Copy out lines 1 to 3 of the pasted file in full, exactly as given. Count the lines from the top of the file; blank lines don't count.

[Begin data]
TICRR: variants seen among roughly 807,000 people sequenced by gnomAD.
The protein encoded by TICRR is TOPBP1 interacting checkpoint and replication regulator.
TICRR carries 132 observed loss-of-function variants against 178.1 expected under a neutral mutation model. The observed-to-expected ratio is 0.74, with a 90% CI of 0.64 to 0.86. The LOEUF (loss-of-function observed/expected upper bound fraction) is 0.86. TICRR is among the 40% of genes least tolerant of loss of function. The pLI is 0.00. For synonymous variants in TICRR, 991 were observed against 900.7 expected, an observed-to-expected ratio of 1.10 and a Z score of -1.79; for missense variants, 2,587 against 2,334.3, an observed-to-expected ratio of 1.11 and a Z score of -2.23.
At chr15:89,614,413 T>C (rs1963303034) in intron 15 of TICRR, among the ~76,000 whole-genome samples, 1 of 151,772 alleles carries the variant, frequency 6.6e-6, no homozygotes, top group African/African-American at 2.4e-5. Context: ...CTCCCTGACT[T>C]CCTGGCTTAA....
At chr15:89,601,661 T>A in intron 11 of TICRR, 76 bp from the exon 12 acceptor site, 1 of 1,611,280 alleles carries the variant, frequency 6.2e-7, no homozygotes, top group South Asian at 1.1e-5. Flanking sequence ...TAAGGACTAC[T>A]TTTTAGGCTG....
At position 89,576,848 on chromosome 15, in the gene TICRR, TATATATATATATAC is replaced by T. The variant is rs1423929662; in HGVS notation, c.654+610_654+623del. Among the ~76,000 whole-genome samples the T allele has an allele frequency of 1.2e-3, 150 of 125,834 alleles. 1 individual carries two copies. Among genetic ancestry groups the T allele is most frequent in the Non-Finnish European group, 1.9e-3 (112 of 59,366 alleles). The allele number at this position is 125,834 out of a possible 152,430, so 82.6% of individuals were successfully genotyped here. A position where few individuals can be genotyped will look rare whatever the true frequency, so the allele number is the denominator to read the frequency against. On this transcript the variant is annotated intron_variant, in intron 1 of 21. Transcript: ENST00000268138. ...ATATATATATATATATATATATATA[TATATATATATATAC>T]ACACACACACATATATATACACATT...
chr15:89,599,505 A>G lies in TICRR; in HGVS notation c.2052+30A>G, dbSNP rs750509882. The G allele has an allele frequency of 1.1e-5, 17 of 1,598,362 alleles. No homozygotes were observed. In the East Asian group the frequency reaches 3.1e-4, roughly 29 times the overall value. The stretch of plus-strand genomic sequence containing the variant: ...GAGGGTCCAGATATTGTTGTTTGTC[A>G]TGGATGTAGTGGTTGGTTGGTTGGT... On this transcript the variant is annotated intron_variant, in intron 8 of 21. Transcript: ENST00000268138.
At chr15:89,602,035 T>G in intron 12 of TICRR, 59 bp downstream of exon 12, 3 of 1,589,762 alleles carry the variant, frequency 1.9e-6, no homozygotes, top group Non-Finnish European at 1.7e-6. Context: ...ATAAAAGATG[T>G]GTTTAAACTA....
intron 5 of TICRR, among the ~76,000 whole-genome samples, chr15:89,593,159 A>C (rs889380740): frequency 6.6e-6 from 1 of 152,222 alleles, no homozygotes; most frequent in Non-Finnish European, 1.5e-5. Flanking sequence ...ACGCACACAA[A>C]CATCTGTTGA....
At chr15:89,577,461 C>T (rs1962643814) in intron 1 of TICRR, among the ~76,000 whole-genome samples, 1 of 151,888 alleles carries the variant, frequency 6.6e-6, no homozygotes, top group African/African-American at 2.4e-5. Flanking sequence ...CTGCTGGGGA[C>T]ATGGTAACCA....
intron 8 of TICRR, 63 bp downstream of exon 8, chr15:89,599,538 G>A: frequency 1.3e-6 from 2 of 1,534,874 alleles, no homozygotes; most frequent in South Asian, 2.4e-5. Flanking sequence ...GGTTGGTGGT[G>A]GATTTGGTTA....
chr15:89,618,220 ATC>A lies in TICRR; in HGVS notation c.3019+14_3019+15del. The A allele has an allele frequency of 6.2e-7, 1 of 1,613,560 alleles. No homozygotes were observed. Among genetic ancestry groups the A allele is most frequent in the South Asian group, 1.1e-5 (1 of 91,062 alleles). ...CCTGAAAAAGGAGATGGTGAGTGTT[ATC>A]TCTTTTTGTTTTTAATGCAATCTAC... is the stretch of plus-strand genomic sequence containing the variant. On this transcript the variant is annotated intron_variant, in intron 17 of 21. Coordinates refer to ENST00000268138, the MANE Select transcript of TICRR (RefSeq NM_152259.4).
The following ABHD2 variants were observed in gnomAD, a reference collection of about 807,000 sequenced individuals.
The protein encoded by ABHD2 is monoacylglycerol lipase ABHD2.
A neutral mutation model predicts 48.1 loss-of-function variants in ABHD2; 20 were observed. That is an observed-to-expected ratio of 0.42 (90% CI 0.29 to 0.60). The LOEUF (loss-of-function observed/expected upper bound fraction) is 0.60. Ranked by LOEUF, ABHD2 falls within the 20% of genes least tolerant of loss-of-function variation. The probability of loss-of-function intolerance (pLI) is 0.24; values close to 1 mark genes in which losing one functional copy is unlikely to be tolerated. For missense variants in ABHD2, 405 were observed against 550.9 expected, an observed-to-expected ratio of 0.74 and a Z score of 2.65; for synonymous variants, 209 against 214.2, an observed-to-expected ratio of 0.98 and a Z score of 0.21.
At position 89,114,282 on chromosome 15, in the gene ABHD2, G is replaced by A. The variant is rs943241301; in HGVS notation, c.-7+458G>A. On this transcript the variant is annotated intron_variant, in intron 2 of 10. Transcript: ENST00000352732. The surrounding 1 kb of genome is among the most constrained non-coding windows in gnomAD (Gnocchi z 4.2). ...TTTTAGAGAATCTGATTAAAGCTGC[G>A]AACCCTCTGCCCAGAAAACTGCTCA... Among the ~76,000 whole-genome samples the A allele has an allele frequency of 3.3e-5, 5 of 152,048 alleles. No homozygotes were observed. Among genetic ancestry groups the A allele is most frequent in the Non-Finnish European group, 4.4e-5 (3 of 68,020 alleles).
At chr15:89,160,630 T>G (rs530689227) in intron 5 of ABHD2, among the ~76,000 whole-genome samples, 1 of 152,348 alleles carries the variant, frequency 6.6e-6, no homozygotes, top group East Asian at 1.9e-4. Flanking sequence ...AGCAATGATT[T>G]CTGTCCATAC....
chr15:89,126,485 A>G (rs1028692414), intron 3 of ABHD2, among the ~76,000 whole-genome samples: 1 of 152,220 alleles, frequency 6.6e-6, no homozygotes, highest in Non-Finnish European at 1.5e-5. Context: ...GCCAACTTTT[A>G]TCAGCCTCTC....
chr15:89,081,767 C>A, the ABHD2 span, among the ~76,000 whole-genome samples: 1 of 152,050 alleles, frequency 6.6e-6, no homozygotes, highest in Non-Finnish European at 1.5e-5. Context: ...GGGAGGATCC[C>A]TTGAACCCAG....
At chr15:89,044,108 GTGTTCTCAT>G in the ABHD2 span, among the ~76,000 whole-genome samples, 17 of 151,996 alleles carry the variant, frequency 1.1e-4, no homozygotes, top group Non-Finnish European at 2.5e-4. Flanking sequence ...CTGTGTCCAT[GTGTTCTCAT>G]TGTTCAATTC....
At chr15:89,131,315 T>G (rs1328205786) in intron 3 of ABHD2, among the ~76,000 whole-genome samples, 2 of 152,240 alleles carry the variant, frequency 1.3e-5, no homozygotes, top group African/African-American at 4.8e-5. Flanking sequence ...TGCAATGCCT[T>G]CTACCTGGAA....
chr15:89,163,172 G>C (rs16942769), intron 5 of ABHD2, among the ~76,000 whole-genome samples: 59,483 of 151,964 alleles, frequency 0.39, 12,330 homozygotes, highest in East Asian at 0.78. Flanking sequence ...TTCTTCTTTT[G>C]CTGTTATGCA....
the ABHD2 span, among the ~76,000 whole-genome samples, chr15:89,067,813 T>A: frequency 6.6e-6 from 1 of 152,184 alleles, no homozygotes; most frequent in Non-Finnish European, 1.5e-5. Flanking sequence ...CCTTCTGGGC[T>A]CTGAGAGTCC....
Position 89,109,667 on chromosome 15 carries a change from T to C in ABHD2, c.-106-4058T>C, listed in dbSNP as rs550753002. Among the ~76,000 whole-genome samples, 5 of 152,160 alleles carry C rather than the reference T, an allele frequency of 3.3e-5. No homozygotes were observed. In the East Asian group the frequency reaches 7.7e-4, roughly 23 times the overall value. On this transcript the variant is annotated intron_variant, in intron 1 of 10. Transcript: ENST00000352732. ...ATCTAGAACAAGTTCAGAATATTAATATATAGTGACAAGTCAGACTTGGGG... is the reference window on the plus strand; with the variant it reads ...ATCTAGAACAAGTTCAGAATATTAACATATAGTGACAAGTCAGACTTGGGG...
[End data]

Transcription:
TICRR: variants seen among roughly 807,000 people sequenced by gnomAD.
The protein encoded by TICRR is TOPBP1 interacting checkpoint and replication regulator.
TICRR carries 132 observed loss-of-function variants against 178.1 expected under a neutral mutation model. The observed-to-expected ratio is 0.74, with a 90% CI of 0.64 to 0.86. The LOEUF (loss-of-function observed/expected upper bound fraction) is 0.86. TICRR is among the 40% of genes least tolerant of loss of function. The pLI is 0.00. For synonymous variants in TICRR, 991 were observed against 900.7 expected, an observed-to-expected ratio of 1.10 and a Z score of -1.79; for missense variants, 2,587 against 2,334.3, an observed-to-expected ratio of 1.11 and a Z score of -2.23.